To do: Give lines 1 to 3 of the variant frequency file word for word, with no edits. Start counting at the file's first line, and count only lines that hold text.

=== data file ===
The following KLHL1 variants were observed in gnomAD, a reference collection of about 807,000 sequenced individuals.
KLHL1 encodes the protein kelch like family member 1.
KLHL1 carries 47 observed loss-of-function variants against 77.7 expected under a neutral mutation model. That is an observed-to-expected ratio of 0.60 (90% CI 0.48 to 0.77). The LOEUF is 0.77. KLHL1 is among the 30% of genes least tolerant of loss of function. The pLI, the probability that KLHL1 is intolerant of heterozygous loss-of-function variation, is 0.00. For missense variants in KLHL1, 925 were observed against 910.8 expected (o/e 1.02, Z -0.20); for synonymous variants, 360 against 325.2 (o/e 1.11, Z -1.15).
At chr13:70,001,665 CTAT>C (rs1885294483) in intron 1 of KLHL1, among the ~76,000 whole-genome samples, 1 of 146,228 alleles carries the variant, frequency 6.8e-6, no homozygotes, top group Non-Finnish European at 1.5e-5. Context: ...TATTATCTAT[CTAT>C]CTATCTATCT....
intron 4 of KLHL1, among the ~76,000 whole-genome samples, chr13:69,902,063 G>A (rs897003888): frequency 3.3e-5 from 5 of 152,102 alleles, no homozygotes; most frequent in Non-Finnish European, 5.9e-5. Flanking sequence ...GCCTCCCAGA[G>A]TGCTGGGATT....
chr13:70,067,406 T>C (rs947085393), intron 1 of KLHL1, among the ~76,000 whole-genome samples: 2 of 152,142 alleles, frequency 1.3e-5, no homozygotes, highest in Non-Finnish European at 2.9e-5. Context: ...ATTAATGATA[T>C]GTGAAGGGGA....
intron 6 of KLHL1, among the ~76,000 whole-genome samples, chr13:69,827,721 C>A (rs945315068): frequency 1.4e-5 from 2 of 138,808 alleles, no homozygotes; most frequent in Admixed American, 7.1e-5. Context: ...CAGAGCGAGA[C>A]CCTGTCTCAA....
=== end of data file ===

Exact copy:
The following KLHL1 variants were observed in gnomAD, a reference collection of about 807,000 sequenced individuals.
KLHL1 encodes the protein kelch like family member 1.
KLHL1 carries 47 observed loss-of-function variants against 77.7 expected under a neutral mutation model. That is an observed-to-expected ratio of 0.60 (90% CI 0.48 to 0.77). The LOEUF is 0.77. KLHL1 is among the 30% of genes least tolerant of loss of function. The pLI, the probability that KLHL1 is intolerant of heterozygous loss-of-function variation, is 0.00. For missense variants in KLHL1, 925 were observed against 910.8 expected (o/e 1.02, Z -0.20); for synonymous variants, 360 against 325.2 (o/e 1.11, Z -1.15).